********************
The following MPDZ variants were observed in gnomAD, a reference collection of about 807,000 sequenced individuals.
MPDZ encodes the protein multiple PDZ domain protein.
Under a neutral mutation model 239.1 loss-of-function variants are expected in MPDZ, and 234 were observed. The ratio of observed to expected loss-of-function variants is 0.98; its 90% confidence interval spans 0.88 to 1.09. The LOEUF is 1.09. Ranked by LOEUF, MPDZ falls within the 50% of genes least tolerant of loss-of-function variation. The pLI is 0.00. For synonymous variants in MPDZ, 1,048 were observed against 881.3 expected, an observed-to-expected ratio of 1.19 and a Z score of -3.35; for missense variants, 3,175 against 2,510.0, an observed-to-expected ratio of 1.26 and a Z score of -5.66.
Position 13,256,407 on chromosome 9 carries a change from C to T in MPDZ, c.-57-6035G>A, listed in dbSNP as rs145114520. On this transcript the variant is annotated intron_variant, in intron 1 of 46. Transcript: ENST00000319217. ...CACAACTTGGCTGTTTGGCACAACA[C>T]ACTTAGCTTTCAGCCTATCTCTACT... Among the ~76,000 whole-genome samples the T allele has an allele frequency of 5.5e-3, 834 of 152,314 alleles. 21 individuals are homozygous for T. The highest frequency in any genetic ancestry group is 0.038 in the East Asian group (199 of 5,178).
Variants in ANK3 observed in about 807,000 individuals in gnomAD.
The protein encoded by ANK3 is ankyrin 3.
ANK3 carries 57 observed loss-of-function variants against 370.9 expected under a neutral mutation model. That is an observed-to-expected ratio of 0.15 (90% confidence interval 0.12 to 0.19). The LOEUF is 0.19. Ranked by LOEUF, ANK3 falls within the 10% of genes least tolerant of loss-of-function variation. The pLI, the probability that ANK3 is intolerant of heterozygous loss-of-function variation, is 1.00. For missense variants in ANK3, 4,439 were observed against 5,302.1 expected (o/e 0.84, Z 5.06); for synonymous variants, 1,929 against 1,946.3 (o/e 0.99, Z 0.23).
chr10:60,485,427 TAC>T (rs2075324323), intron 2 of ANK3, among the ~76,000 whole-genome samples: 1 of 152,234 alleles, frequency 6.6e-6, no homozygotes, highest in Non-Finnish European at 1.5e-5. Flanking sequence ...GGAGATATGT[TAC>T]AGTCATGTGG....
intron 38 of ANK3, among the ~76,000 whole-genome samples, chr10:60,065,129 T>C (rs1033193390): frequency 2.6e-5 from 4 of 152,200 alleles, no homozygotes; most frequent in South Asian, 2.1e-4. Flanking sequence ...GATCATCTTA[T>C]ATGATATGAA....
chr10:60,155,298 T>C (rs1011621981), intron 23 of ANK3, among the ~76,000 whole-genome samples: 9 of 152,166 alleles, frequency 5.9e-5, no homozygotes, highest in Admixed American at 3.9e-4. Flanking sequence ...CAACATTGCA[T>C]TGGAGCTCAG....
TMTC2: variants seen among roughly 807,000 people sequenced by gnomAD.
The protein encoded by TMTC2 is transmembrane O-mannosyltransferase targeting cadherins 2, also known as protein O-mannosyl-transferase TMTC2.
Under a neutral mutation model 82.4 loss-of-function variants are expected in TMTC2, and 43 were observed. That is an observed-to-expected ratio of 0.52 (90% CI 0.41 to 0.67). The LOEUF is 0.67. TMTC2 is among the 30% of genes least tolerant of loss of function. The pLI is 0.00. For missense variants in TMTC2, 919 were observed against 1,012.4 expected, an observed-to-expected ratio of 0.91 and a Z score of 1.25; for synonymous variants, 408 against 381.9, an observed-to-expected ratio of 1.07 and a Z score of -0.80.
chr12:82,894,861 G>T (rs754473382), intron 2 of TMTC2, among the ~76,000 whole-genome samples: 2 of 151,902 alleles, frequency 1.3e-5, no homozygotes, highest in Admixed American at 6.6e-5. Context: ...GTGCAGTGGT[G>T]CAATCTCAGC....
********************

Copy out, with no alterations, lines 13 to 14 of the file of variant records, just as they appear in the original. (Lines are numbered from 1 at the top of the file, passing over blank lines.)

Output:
Under a neutral mutation model 82.4 loss-of-function variants are expected in TMTC2, and 43 were observed. That is an observed-to-expected ratio of 0.52 (90% CI 0.41 to 0.67). The LOEUF is 0.67. TMTC2 is among the 30% of genes least tolerant of loss of function. The pLI is 0.00. For missense variants in TMTC2, 919 were observed against 1,012.4 expected, an observed-to-expected ratio of 0.91 and a Z score of 1.25; for synonymous variants, 408 against 381.9, an observed-to-expected ratio of 1.07 and a Z score of -0.80.
chr12:82,894,861 G>T (rs754473382), intron 2 of TMTC2, among the ~76,000 whole-genome samples: 2 of 151,902 alleles, frequency 1.3e-5, no homozygotes, highest in Admixed American at 6.6e-5. Context: ...GTGCAGTGGT[G>T]CAATCTCAGC....